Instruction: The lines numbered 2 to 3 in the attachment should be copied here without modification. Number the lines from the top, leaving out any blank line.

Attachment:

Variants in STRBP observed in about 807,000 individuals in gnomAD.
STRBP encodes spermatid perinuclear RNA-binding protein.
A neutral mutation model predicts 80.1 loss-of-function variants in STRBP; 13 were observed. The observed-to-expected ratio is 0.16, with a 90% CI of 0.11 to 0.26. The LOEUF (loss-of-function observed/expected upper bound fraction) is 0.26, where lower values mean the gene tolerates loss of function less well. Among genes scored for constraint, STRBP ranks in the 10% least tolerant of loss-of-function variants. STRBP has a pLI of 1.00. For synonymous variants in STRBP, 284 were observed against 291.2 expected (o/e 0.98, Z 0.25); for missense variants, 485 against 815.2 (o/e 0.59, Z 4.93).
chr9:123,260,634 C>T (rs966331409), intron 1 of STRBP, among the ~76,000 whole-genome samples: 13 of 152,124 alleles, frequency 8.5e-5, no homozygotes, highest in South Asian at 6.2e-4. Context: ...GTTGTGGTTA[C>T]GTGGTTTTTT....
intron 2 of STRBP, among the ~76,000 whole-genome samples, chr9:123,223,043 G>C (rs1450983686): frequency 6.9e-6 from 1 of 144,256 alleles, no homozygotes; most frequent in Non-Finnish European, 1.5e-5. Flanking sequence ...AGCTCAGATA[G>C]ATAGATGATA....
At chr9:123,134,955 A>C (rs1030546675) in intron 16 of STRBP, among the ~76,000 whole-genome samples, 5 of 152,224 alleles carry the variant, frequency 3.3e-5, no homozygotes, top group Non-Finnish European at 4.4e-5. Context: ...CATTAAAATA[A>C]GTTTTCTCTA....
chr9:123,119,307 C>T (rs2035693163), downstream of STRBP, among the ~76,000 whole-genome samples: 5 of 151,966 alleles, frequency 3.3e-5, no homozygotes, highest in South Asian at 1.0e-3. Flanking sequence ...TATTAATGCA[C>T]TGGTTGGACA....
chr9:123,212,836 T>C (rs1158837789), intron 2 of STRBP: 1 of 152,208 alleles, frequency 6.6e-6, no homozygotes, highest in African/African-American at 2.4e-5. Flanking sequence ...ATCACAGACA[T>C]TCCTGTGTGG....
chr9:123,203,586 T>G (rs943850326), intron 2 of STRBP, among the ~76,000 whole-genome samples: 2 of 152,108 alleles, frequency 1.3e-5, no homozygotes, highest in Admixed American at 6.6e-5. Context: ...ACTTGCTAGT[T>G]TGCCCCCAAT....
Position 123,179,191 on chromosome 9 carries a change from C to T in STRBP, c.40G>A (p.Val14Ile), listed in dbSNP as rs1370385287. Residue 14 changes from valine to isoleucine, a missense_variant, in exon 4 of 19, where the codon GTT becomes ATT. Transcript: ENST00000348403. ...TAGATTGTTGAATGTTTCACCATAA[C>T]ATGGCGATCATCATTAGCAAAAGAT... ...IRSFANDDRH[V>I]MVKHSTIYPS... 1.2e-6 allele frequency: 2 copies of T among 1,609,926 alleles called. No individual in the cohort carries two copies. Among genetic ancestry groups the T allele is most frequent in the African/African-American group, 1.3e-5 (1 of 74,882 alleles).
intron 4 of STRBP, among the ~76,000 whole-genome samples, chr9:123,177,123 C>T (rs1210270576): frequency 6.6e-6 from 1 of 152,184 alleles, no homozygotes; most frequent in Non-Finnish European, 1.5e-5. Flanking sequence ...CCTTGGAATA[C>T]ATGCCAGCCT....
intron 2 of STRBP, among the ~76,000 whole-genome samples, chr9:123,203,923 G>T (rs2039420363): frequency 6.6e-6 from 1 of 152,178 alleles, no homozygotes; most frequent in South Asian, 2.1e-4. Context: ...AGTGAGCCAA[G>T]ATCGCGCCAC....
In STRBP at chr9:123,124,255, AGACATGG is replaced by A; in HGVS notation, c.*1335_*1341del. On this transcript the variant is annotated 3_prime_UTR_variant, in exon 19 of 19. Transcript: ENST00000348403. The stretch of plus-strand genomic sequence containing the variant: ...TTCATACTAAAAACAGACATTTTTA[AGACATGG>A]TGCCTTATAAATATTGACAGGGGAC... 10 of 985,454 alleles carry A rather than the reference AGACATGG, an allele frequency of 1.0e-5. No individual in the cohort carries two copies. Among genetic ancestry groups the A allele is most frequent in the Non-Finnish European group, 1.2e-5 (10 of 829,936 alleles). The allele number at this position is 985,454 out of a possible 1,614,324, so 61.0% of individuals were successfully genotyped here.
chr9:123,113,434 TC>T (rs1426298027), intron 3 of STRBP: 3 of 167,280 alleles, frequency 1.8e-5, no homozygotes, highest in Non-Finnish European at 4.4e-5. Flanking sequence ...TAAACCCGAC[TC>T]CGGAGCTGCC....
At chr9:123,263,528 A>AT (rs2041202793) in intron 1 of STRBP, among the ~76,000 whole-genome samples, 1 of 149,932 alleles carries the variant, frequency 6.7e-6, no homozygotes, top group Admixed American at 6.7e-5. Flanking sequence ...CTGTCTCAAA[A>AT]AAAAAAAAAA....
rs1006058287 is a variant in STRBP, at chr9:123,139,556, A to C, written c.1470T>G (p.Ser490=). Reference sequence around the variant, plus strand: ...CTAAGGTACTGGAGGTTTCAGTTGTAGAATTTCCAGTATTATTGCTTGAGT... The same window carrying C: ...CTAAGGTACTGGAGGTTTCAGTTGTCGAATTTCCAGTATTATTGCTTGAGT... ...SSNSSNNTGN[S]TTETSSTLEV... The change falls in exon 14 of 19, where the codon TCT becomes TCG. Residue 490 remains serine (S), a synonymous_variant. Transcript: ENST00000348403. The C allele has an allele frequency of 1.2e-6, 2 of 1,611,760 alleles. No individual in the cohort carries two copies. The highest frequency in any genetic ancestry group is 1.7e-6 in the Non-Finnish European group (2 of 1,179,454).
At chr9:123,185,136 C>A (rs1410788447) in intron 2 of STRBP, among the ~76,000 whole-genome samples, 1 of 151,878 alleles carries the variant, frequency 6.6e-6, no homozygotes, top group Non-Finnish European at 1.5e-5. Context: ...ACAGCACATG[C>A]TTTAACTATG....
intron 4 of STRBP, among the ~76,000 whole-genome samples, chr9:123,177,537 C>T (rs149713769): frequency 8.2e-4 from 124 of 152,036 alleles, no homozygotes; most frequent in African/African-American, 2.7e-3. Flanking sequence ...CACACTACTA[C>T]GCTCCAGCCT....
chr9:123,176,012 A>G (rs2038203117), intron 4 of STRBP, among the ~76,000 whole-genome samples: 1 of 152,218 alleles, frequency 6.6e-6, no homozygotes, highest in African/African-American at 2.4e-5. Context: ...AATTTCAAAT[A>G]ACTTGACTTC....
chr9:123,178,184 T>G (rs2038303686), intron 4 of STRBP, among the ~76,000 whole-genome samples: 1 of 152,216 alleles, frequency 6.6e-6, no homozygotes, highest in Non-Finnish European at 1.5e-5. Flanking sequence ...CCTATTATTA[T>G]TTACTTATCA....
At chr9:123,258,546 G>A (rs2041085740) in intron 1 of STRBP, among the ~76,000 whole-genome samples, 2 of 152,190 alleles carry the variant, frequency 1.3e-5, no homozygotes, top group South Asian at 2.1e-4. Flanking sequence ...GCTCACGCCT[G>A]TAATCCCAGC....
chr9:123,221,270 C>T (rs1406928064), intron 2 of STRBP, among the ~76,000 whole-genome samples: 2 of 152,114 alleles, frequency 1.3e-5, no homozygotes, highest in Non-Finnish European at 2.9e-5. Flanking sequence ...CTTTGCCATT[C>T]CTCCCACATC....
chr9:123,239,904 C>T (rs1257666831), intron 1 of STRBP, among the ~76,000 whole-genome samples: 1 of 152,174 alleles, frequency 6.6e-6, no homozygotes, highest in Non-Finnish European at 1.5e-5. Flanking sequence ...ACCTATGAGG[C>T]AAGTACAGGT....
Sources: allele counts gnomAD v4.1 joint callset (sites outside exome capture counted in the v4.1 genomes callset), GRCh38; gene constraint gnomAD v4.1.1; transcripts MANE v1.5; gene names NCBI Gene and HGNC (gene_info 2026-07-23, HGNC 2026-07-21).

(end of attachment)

STRBP encodes spermatid perinuclear RNA-binding protein.
A neutral mutation model predicts 80.1 loss-of-function variants in STRBP; 13 were observed. The observed-to-expected ratio is 0.16, with a 90% CI of 0.11 to 0.26. The LOEUF (loss-of-function observed/expected upper bound fraction) is 0.26, where lower values mean the gene tolerates loss of function less well. Among genes scored for constraint, STRBP ranks in the 10% least tolerant of loss-of-function variants. STRBP has a pLI of 1.00. For synonymous variants in STRBP, 284 were observed against 291.2 expected (o/e 0.98, Z 0.25); for missense variants, 485 against 815.2 (o/e 0.59, Z 4.93).